The causal relationship between electricity consumption and economic growth has been examined for several economies except for the United States. The literature shows that there is not always bidirectional causality between GDP growth and electricity consumption depending on the country. The majority of the studies test this hypothesis using time-series analyses that rely on VAR models. This research is the first study to test the assumption of a causality relationship between demand for electricity and economic growth in the U.S.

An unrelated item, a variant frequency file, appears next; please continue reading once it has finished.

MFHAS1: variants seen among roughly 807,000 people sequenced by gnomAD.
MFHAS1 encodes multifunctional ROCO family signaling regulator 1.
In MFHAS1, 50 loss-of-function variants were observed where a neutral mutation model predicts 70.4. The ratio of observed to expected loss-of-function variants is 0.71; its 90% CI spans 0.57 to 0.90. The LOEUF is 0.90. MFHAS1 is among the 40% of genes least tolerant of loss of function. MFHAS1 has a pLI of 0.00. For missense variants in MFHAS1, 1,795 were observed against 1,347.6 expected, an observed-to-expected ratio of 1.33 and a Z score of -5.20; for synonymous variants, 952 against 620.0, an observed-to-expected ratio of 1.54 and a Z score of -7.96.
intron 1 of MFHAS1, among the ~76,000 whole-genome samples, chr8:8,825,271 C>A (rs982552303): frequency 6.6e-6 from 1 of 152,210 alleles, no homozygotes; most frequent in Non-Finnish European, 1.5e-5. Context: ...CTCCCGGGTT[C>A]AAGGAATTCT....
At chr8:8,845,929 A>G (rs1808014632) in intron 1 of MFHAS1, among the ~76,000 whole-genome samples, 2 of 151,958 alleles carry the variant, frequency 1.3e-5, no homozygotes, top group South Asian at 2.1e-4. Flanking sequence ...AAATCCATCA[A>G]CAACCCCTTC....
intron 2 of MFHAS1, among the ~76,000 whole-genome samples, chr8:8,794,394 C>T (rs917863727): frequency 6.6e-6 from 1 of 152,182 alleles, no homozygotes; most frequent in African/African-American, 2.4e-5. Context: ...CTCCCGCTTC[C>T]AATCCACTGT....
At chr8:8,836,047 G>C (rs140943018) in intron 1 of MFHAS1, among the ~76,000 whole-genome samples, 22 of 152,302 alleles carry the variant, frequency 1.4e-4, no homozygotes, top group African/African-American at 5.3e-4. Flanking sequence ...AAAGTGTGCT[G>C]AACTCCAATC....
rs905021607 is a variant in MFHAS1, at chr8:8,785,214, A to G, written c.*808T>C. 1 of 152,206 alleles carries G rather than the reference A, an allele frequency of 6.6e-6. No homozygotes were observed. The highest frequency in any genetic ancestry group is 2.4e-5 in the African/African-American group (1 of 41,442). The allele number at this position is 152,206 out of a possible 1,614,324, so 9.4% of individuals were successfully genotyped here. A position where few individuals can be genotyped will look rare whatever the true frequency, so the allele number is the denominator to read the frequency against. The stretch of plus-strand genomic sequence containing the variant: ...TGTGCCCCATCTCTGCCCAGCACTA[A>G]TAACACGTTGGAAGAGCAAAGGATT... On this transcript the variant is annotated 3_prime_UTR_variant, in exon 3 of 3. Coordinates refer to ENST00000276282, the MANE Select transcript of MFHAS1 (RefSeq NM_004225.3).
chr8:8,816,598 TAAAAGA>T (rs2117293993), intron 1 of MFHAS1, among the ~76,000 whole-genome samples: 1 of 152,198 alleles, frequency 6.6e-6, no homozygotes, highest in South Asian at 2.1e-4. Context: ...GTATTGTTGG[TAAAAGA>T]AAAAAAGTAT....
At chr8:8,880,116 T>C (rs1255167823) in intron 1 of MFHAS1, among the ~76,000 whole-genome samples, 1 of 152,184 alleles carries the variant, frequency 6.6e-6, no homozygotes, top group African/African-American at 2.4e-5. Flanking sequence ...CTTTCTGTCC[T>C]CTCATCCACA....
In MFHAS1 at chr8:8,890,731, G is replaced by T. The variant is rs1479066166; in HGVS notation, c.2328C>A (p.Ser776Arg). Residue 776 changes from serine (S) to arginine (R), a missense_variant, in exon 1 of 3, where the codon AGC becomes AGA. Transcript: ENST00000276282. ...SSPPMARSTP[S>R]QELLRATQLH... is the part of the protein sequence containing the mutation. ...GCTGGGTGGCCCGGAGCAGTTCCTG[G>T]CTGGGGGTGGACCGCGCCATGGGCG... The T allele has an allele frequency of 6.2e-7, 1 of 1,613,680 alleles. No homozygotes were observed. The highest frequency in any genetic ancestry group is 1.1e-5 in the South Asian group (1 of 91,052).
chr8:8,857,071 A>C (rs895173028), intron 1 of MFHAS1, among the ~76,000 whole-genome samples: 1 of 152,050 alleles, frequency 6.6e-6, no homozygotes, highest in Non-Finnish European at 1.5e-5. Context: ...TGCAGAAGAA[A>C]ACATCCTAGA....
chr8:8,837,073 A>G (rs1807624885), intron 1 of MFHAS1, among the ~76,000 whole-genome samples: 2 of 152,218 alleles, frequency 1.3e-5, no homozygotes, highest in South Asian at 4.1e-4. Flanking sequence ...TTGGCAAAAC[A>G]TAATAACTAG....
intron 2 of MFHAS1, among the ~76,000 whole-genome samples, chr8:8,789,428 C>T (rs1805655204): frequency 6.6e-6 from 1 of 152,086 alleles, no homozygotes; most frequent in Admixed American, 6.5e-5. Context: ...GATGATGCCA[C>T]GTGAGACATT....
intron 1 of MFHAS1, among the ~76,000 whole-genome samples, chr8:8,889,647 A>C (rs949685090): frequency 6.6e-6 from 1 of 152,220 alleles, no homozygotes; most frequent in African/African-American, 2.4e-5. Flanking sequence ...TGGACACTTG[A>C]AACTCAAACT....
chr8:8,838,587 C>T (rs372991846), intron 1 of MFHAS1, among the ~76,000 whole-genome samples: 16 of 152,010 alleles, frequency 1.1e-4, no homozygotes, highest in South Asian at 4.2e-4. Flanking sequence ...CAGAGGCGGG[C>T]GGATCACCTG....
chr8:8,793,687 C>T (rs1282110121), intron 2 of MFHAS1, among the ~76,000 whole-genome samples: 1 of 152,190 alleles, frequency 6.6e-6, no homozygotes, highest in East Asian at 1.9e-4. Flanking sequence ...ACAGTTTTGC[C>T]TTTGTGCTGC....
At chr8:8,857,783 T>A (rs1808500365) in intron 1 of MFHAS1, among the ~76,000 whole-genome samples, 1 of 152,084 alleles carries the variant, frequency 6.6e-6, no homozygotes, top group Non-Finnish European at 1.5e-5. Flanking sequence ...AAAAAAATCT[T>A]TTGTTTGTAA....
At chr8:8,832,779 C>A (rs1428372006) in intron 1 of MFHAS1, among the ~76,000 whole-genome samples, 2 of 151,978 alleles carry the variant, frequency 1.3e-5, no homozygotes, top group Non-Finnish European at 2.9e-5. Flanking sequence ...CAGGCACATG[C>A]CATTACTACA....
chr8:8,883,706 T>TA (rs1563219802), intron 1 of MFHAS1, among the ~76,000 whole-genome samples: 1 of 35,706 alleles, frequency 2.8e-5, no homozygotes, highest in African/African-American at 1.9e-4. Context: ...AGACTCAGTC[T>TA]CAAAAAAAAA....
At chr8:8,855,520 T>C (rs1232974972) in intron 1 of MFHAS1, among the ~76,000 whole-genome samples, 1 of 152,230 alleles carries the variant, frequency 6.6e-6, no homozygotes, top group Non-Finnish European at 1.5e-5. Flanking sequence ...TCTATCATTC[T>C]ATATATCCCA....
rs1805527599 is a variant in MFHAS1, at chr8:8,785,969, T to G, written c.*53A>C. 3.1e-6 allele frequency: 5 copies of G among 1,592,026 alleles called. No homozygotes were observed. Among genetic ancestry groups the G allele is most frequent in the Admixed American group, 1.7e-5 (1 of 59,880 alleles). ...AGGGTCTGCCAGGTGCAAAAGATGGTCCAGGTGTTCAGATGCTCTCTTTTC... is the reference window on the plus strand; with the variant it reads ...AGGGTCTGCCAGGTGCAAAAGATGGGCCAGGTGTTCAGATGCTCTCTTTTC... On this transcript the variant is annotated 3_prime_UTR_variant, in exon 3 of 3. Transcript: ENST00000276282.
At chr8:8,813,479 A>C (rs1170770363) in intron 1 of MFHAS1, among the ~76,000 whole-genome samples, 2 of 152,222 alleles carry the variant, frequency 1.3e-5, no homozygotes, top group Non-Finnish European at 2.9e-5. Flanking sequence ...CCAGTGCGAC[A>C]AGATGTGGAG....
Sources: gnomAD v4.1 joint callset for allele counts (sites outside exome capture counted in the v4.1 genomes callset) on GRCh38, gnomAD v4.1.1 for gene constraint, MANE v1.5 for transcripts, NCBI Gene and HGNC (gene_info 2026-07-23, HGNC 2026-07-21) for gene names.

Based on panel data at the state level, a panel VAR model reveals a bidirectional causal relationship between economic growth and electricity use in the U.S. between 1990 and 2018. A more holistic non-parametric entropy-based causality test conducted for each state was used to produce a causality map for economic growth and electricity consumption in the continental United States. The information-theoretic causality test suggests that there exists: bidirectional causality in three states; energy-economic growth causality in six states; economic growth-energy growth in nine states; and no causality was detected in the remaining 30 states.
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